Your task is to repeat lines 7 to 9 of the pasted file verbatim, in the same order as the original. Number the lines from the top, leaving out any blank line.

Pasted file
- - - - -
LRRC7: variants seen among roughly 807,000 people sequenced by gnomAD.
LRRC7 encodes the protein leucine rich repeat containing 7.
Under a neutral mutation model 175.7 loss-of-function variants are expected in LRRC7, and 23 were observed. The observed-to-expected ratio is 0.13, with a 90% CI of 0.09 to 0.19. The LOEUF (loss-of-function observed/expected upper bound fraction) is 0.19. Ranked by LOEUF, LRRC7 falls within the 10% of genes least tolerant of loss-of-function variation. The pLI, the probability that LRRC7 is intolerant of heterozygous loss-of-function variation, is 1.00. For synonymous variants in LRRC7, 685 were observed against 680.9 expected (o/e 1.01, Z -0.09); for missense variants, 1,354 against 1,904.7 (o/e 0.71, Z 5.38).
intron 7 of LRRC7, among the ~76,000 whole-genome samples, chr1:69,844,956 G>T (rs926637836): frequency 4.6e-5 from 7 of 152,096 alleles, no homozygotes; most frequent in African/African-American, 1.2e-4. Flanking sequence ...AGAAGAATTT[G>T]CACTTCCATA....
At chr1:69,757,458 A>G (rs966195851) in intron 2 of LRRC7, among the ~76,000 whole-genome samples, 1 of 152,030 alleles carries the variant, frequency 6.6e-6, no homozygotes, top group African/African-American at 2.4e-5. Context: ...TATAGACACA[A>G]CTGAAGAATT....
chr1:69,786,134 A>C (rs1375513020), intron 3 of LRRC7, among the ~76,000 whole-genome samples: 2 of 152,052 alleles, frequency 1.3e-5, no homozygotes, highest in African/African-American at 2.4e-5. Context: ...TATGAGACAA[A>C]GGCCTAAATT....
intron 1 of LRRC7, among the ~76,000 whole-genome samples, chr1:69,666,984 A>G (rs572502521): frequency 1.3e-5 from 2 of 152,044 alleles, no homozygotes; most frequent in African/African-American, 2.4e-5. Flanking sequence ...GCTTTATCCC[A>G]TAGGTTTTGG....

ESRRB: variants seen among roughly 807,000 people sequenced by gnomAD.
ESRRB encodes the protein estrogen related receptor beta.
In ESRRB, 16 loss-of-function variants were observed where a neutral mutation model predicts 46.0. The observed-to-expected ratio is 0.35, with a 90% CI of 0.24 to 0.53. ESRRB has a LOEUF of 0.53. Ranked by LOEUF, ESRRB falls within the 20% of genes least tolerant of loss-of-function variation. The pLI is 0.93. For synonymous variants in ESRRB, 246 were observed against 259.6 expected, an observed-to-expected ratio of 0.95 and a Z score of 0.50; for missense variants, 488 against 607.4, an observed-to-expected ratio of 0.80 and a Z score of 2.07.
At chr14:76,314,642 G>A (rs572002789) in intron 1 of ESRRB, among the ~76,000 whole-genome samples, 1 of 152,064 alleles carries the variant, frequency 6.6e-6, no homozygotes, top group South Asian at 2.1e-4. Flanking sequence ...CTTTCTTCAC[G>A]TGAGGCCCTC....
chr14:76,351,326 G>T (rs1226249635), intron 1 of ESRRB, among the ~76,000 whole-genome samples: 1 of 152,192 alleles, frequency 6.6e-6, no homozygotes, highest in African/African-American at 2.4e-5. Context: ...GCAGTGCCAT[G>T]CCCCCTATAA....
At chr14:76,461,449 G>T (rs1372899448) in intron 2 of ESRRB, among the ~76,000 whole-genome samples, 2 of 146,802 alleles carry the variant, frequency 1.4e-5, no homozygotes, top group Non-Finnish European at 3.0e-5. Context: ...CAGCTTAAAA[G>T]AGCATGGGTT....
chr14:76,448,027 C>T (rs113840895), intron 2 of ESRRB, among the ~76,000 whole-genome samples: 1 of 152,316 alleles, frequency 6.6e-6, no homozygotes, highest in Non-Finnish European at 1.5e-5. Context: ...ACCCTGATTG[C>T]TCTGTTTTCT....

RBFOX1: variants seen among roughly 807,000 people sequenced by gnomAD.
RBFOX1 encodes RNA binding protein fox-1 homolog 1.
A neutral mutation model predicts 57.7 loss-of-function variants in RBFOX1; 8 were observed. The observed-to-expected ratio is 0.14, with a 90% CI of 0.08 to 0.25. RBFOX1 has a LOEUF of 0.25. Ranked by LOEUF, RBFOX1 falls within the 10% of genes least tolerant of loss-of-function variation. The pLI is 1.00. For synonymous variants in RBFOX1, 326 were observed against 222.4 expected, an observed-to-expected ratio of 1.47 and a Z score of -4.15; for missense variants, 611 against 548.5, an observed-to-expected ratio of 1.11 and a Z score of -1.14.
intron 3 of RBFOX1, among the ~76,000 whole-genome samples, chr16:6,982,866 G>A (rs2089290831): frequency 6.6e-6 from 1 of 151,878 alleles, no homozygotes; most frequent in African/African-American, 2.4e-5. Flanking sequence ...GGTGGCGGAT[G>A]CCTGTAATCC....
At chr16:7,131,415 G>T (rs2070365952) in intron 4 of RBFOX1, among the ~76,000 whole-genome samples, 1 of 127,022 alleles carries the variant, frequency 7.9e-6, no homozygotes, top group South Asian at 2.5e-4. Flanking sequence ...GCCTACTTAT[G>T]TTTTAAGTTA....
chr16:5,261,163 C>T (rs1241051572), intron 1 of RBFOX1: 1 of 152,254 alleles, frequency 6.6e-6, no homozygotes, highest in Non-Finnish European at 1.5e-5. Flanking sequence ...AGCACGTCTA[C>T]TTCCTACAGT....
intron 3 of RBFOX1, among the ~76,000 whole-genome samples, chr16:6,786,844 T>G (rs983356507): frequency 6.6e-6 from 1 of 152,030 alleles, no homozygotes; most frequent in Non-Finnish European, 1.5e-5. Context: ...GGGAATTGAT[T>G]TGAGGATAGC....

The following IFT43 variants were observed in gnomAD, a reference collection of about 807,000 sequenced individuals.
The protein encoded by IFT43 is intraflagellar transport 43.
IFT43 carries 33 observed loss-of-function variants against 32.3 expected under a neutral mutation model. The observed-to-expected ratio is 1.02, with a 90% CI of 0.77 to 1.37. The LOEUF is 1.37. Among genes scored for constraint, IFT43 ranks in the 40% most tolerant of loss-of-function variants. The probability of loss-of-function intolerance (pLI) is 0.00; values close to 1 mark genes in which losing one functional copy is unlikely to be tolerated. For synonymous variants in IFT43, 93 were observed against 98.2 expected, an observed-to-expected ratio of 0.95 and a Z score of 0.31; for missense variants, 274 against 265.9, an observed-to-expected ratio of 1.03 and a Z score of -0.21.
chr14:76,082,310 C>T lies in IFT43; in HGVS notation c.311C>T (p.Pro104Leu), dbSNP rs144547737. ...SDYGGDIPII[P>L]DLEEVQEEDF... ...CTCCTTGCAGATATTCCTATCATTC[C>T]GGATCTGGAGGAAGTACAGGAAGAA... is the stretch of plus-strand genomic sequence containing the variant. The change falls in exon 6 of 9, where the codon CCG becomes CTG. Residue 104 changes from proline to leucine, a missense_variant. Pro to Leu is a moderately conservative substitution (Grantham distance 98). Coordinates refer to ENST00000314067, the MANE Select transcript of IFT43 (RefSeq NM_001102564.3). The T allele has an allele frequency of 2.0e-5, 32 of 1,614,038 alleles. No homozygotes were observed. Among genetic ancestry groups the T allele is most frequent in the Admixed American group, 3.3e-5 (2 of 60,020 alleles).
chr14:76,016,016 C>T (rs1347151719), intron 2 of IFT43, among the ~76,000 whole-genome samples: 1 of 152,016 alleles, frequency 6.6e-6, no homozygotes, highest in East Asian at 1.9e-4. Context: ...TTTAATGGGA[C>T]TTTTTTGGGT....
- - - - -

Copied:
intron 1 of LRRC7, among the ~76,000 whole-genome samples, chr1:69,666,984 A>G (rs572502521): frequency 1.3e-5 from 2 of 152,044 alleles, no homozygotes; most frequent in African/African-American, 2.4e-5. Flanking sequence ...GCTTTATCCC[A>G]TAGGTTTTGG....

ESRRB: variants seen among roughly 807,000 people sequenced by gnomAD.
ESRRB encodes the protein estrogen related receptor beta.